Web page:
We were led up to the 1950s and early sixties which were dominated by American styles until – as we all know – ‘the beat’ movement happened in the UK. Predominantly from Liverpool (the Mersey Sound). Kenny demonstrated with a medley of familiar guitar riffs from the Kinks, Rolling Stones, The Who and of course the Beatles.

In the late sixties, a revolution happened when Jimi Hendrix took his electric guitar and produced sounds (noises to some) that had never been heard before. This was influential not just because the techniques were copied but prompted other bands to experiment and develop their own paths. We were led through the seventies with samples from Thin Lizzy, Led Zeppelin, and others until we reached the nineties and beyond with ‘Grunge’. It was at this point that the ‘more mature’ members of the audience started to be left behind. An interlude of ‘Funk’ was however a bit more familiar.

The show was not specifically about great guitarists and so Eric Clapton, Richard Thompson etc. were not mentioned. The emphasis was on innovators.

Kenny demonstrated specific guitar techniques and electronic effects. We had heard the sounds but maybe not understood how the effects were achieved.

Kenny, supported by Ash and Billy on drums and bass guitar, had an easy rapport with the audience and the whole session was entertaining and informative. It was impressive that they were able to convincingly play all styles well.

There are two complaints: firstly Kenny and his band have only one gig at this years fringe, and secondly (more of a suggestion) we would have enjoyed a full play through of one or two significant numbers.

Brian Kirman


Local musician Fred Rolland has been performing on the Fringe for some 20 years but says this show of TV theme tunes is the first project he and Fred Up partner Paul Harrison can really call their own. It is a brilliant format combining elements of pub quiz with huge doses of nostalgia; on the night I attended, one audience member said it had been like a journey through her whole life!

Fred Up consists of Fred and singer Paul Harrison and they work well together, their harmonies and gutsy guitar playing adding extra verve to these well-known tunes. I say well-known, but it was strange how hard we often found it to pin down which TV show went with which song. As for winning extravagant bonus points by naming the writer of the song, that proved well nigh impossible on some, though not all, occasions.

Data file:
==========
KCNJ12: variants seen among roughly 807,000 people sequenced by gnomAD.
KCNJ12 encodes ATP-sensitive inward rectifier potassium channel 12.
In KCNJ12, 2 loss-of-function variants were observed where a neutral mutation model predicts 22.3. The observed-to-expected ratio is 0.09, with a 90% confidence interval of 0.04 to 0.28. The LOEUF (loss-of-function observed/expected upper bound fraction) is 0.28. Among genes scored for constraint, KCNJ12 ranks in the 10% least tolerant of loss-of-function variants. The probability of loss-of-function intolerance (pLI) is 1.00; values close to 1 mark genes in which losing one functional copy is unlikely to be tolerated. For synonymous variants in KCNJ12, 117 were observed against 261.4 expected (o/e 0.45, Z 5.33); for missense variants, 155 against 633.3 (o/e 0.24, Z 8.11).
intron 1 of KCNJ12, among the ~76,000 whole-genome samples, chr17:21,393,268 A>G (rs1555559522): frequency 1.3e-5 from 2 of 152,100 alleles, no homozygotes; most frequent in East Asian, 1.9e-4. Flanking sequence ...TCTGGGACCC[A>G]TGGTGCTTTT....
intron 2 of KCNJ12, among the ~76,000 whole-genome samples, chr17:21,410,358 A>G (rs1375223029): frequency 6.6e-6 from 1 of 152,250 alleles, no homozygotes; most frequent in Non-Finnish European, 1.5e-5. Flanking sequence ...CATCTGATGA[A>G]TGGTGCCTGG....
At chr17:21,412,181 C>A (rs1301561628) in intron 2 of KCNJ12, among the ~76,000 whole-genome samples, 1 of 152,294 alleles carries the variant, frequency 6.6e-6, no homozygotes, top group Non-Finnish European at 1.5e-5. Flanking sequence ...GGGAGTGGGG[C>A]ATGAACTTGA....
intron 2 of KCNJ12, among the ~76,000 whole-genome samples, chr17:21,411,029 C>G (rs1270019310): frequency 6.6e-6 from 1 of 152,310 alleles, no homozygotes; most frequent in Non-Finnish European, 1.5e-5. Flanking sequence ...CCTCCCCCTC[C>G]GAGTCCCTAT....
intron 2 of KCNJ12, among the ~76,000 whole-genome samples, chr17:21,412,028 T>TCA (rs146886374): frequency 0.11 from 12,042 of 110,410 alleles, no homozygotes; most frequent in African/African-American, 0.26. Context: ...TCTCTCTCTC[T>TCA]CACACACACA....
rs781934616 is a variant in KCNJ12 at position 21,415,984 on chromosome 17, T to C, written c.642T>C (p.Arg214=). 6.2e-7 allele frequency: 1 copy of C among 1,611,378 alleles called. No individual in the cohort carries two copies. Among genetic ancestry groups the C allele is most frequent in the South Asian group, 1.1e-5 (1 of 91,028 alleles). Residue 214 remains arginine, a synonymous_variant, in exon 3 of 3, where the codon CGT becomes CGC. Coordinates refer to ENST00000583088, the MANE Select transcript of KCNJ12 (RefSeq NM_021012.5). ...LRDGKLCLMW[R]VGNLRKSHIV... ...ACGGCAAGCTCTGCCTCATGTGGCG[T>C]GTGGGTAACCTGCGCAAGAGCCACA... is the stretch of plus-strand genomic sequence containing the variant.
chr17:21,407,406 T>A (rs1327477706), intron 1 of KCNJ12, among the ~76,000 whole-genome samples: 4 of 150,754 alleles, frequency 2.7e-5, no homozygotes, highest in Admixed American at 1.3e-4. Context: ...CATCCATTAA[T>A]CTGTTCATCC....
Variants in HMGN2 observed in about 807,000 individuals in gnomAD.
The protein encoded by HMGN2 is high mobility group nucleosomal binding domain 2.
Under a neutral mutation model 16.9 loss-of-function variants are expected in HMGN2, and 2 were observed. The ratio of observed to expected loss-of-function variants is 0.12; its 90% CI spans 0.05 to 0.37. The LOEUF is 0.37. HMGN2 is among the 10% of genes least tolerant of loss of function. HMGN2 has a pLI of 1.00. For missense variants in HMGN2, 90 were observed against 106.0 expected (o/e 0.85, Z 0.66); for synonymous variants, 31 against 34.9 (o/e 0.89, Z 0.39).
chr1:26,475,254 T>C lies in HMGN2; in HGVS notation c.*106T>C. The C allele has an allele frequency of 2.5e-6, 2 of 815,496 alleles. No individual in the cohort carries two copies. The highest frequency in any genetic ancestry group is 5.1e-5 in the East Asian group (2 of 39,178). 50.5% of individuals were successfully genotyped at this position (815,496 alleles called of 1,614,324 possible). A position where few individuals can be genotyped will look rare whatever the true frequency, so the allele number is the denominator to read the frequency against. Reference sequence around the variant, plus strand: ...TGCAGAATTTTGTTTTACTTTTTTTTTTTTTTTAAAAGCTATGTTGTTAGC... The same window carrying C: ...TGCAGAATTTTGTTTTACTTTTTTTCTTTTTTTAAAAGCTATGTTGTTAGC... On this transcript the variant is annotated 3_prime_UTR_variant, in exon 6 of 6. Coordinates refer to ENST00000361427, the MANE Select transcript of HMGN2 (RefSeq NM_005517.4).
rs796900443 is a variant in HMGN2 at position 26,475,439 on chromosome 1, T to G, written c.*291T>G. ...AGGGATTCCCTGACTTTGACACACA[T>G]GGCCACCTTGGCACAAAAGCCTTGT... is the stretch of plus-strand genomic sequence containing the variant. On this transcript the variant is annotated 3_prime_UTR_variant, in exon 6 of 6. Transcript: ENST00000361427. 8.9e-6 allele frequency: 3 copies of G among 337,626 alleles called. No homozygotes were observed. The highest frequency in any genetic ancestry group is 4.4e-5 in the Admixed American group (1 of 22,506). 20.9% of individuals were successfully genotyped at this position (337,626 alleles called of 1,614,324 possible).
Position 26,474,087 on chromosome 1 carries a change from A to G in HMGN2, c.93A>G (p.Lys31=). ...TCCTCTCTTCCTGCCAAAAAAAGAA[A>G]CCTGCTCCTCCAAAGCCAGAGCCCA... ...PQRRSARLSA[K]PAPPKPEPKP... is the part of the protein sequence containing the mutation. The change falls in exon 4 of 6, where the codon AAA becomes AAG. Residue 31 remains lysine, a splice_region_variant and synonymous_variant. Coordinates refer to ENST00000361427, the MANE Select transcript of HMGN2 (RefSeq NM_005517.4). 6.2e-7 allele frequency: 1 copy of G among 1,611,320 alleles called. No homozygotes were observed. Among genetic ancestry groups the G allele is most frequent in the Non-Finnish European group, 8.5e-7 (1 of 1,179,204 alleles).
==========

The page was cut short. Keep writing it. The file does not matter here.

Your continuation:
It has become apparent in writing this that to name the numbers would be to offer massive spoilers. You may rest assured however that you will be transported back to the Sixties and Seventies but also more recent decades as Fred Up helps us appreciate the cracking songs, performers and composers associated with many of our best-loved shows. It is also great to hear some of the songs in full rather than truncated to fit TV credits. With jokes, unexpected rapping and invitations for us to sing along, Fred Up creates a proper party vibe - and all for free! Happily there are two more sessions to enjoy at RedWillow on the 13th and 20th - and don’t forget to shout “More!” as their closing number was just perfect.

Stephanie Billen


Trio Siabod are Helen Southall (clarinet), Russ Grant (guitar) and Garfield Southall (percussion). They are named after the Welsh mountain 'Moel Siabod', which features on their music stands and publicity. The musicians were of good quality, clearly at ease playing mostly jazz material. The band took it in turn to introduce the material, providing useful context for what we were to hear.

They played a mixture of jazz covers and their own compositions. The covers included 'Struttin' (Louis Armstrong), 'Line for Lyons' (Gerry Mulligan), 'Apex Blues' (Jimmie Noone) and 'Forest Flower' (Charles Lloyd). As a complete contrast, their final cover was a country one, 'Your Cheatin’ Heart' (Hank Williams), performed as an encore.

Their own compositions, written by their guitarist Russ, were about such diverse subjects as: a Welsh dancing club, the last bus home, where we used to live, the excitement of staying up late as a child and un-natural yoghurt. These compositions were enjoyable, keeping the audience entertained.

They performed two sets with a good mixture of their own material and covers. The interval provided a good opportunity to talk to the musicians, the audience as well being useful for refreshment purposes.

John Hare


High Peak Bookstore and Café is the ideal venue for a chilled night of music at the end of a hot and busy Fringe week. And the gig by guitar-vocal duo Zerene was the perfect accompaniment, albeit a gig that went in directions no one had expected.

Excellent guitar work and smoky vocals combined with an eclectic first-half acoustic set, including songs by artists as diverse as Nancy Sinatra, Nirvana, Fleetwood Mac and Lana del Rey. We had a terrific rendition of the now popular again Running Up That Hill.

After the interval we were promised an electric set … and then the lights went out. A power cut had taken out all the electricity at the venue. After a short hiatus during which it became apparent the electricity wasn’t coming back on again anytime soon, the duo put together an unplugged set including songs by Johnny Cash and Radiohead.

This situation emphasized Zerene’s resilience and versatility, and they are to be congratulated for their Fringe spirit in making sure the show went ahead, as are the venue for creating such a jolly evening in trying circumstances. Unforgettable.

Robbie Carnegie